Of Tiberium And Time Chapter 2: Command and Conquer Red Alert
For chapter 1 discussing Tiberian Dawn, see here.
For chapter 3 discussing Tiberian Sun, see here.
Already in 1996 Westwood Studios launched the next game in the Command and Conquer series: the prequel dubbed Red Alert. Virgin Interactive were still at the publishing reins at the time, though before the next game came out Electronic Arts had acquired the studio and the license. EA released the game as freeware in 2008.
This game was originally intended as a canonical prequel to the Tiberium series. Joe Kucan even appeared in the Soviet storyline as an advisor to Stalin (Eugene Dynarski) and Stalin’s mistress Nadia (Andrea C. Robinson) was a Nod agent. As the Red Alert series took off they ditched the idea of the games being prequels, though within the offices of Westwood they still saw the first game as a prequel while Red Alert 2 started an alternate universe. Electronic Arts consider all three franchises (Red Alert, Tiberium and Generals) to be completely separate and even edited out the cutscenes mentioning Nod when they released The First Decade.
Now while Command & Conquer was already rather silly and camp, Red Alert took its first stumbling steps into Batshit Country. As the series progressed it got ever crazier, while the Tiberium games went for a more serious approach.
Back in 1946 Albert Einstein (John Milford) completes his time machine (the Chronosphere) and with the help of his assistant travels back to 1924 and removes Hitler. This averts World War 2, or rather postpones it as when the 1950s come around the USSR has grown so powerful that Stalin seizes territory from China before invading Eastern Europe with the aim of stretching the great Soviet Union across all of Eurasia. The European countries band together as the Allied Forces with US backup to hopefully stop the Soviet advance and eventually take out Stalin himself. Whichever side you choose determines the course of history!
I’ll admit I didn’t much care for Red Alert when it first launched. I wanted more Tiberium games, and resented that they’d made this one instead, in spite of all the improvements they did with the game. And I also didn’t really like Tanya. I missed the Real Tough Guy, I suppose. Looking back I do see the game in a kinder light, and Tanya as well. A strong, capable female character who could easily take care of herself and kick enough arse to practically complete whole missions alone was a rarity back then, and sadly still is. They didn’t even sexy her up that much, though they kinda made up for that in the sequels.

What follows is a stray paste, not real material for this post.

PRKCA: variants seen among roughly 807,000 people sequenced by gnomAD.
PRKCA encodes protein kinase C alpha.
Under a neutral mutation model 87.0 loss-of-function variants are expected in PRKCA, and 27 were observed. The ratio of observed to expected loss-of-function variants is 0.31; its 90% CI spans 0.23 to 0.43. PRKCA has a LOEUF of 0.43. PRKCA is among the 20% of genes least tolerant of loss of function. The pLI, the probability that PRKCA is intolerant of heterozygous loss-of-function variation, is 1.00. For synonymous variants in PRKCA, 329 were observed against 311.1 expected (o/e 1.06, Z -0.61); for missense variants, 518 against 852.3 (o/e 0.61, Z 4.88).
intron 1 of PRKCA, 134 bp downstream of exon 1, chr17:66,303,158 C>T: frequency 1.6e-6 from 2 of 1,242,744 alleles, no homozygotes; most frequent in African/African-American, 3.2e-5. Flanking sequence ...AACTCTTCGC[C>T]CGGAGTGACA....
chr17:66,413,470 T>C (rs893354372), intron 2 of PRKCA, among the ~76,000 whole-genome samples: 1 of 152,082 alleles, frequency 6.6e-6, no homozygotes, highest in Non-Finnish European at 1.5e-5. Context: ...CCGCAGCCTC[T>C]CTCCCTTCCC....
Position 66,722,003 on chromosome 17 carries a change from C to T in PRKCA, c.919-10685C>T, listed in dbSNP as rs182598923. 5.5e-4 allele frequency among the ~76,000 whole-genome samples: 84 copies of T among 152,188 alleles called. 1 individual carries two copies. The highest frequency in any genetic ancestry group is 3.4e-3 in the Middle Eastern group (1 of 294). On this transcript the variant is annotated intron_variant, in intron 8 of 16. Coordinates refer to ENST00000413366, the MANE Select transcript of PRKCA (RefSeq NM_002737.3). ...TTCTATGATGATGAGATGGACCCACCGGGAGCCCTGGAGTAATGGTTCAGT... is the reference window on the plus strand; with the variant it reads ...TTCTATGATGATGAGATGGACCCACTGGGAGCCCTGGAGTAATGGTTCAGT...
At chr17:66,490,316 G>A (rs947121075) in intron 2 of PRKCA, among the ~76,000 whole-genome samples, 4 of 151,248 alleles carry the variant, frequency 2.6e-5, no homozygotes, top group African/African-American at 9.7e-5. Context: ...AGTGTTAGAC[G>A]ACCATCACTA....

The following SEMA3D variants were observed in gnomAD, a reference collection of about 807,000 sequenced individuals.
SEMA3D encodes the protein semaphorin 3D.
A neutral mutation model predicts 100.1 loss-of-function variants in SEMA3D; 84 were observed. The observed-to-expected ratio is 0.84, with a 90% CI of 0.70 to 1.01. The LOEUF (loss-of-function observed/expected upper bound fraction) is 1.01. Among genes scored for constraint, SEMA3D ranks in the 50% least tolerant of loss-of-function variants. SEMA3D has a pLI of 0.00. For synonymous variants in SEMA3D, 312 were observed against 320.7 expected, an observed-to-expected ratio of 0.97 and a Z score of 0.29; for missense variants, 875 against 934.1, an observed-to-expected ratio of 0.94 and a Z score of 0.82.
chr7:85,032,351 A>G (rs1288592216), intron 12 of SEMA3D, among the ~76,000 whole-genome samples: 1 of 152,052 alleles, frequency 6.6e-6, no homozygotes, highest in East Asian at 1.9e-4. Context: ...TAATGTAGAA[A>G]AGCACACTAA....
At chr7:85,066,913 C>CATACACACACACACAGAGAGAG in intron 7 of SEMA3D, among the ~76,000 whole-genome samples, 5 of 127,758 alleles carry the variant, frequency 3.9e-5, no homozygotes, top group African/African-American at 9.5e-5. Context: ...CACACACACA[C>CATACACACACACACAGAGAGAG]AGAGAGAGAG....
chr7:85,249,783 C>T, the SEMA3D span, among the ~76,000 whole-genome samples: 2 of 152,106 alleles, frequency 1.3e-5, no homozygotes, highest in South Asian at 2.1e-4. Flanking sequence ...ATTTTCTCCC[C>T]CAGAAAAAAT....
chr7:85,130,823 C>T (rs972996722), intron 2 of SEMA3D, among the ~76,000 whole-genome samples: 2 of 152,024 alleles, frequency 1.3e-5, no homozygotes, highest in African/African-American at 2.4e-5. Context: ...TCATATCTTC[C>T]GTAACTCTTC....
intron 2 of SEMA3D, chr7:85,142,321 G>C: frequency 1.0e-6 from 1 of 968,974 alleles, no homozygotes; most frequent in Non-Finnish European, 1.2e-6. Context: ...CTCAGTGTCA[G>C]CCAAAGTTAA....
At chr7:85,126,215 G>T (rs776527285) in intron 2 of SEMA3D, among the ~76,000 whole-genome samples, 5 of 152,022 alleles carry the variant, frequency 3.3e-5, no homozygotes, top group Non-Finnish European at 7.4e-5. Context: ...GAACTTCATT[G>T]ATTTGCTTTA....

Once again the game came with a superb sound-track composed by the talented Frank Klepacki, which you can also find on his website like the C&C sound-track. The track used in the intro cinematic (Hell March) is in my opinion one of the best pieces of videogame music ever created. Seriously. Go listen to it. Right now. You should put on that track while reading this. I have decided!
The gameplay worked much the same as the first C&C. You had a construction yard, which built things, harvesters that collected resources (though this time it was harmless gold and crystals rather than the toxic Tiberium), soldiers and vehicles. There were more aircraft in the game this time, and they even added naval units. They also now allowed a single square of room between buildings you put down, but construction, repair and selling still worked the same way, and you still needed to construct a building to access the map, this time called the Radar Dome. Engineers had also been changed. If they were to capture a building it now needed to be severely damaged, otherwise they’d just sabotage it. I seem to recall it took four Engineers to capture a Construction Yard that started out at full health. And then a fifth one to repair it again, because that was a new ability for Engineers now. Even the AI had gotten slight upgrades, with them knowing they could run over light barriers like barbed wire or sandbags if they were heavy enough, though pathfinding was still a little iffy. They even experimented with having indoors missions like what was eventually implemented in Starcraft, but they dropped those for the sequels. And control groups were now given a visible number.
While they were getting some competition at the time in the form of Warcraft 2 and Total Annihilation, Westwood still walked their own path and created yet again two notably diverse sides that required different play-styles to compensate for the weaknesses each side possessed.